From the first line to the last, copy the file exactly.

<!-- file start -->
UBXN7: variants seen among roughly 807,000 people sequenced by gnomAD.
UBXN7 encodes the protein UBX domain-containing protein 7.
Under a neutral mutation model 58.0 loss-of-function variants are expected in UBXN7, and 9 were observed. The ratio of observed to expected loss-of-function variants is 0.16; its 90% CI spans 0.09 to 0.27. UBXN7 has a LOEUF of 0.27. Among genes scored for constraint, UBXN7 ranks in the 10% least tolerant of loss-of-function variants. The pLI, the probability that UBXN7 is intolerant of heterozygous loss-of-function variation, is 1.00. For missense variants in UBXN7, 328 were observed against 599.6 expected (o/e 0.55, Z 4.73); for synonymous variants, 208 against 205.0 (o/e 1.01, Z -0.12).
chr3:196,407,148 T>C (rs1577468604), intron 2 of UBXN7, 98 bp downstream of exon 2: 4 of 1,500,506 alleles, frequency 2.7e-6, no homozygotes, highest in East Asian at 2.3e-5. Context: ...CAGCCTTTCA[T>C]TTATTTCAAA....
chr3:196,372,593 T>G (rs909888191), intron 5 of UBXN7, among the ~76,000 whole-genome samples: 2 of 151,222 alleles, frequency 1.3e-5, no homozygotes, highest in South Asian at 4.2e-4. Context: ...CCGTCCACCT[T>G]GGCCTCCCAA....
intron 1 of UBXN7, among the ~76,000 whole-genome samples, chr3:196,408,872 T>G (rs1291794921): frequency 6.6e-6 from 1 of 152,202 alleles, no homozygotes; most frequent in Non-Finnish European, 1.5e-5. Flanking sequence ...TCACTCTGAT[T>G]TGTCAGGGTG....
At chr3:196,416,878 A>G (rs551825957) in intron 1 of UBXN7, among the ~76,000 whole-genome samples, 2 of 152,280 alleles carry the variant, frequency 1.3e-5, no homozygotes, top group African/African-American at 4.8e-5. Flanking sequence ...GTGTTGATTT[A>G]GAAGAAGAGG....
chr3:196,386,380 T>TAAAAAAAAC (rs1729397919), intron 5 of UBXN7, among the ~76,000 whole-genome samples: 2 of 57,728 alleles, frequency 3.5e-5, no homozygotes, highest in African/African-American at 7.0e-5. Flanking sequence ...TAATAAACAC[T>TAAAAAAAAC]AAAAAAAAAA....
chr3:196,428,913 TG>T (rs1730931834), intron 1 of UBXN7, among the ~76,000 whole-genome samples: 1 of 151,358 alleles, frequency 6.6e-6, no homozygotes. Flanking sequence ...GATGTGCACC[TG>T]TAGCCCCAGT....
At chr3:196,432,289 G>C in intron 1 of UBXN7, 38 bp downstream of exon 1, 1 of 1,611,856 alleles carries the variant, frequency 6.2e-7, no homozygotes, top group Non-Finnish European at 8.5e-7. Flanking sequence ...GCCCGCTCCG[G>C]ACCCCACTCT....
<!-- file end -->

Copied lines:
UBXN7: variants seen among roughly 807,000 people sequenced by gnomAD.
UBXN7 encodes the protein UBX domain-containing protein 7.
Under a neutral mutation model 58.0 loss-of-function variants are expected in UBXN7, and 9 were observed. The ratio of observed to expected loss-of-function variants is 0.16; its 90% CI spans 0.09 to 0.27. UBXN7 has a LOEUF of 0.27. Among genes scored for constraint, UBXN7 ranks in the 10% least tolerant of loss-of-function variants. The pLI, the probability that UBXN7 is intolerant of heterozygous loss-of-function variation, is 1.00. For missense variants in UBXN7, 328 were observed against 599.6 expected (o/e 0.55, Z 4.73); for synonymous variants, 208 against 205.0 (o/e 1.01, Z -0.12).
chr3:196,407,148 T>C (rs1577468604), intron 2 of UBXN7, 98 bp downstream of exon 2: 4 of 1,500,506 alleles, frequency 2.7e-6, no homozygotes, highest in East Asian at 2.3e-5. Context: ...CAGCCTTTCA[T>C]TTATTTCAAA....
chr3:196,372,593 T>G (rs909888191), intron 5 of UBXN7, among the ~76,000 whole-genome samples: 2 of 151,222 alleles, frequency 1.3e-5, no homozygotes, highest in South Asian at 4.2e-4. Context: ...CCGTCCACCT[T>G]GGCCTCCCAA....
intron 1 of UBXN7, among the ~76,000 whole-genome samples, chr3:196,408,872 T>G (rs1291794921): frequency 6.6e-6 from 1 of 152,202 alleles, no homozygotes; most frequent in Non-Finnish European, 1.5e-5. Flanking sequence ...TCACTCTGAT[T>G]TGTCAGGGTG....
At chr3:196,416,878 A>G (rs551825957) in intron 1 of UBXN7, among the ~76,000 whole-genome samples, 2 of 152,280 alleles carry the variant, frequency 1.3e-5, no homozygotes, top group African/African-American at 4.8e-5. Flanking sequence ...GTGTTGATTT[A>G]GAAGAAGAGG....
chr3:196,386,380 T>TAAAAAAAAC (rs1729397919), intron 5 of UBXN7, among the ~76,000 whole-genome samples: 2 of 57,728 alleles, frequency 3.5e-5, no homozygotes, highest in African/African-American at 7.0e-5. Flanking sequence ...TAATAAACAC[T>TAAAAAAAAC]AAAAAAAAAA....
chr3:196,428,913 TG>T (rs1730931834), intron 1 of UBXN7, among the ~76,000 whole-genome samples: 1 of 151,358 alleles, frequency 6.6e-6, no homozygotes. Flanking sequence ...GATGTGCACC[TG>T]TAGCCCCAGT....
At chr3:196,432,289 G>C in intron 1 of UBXN7, 38 bp downstream of exon 1, 1 of 1,611,856 alleles carries the variant, frequency 6.2e-7, no homozygotes, top group Non-Finnish European at 8.5e-7. Flanking sequence ...GCCCGCTCCG[G>C]ACCCCACTCT....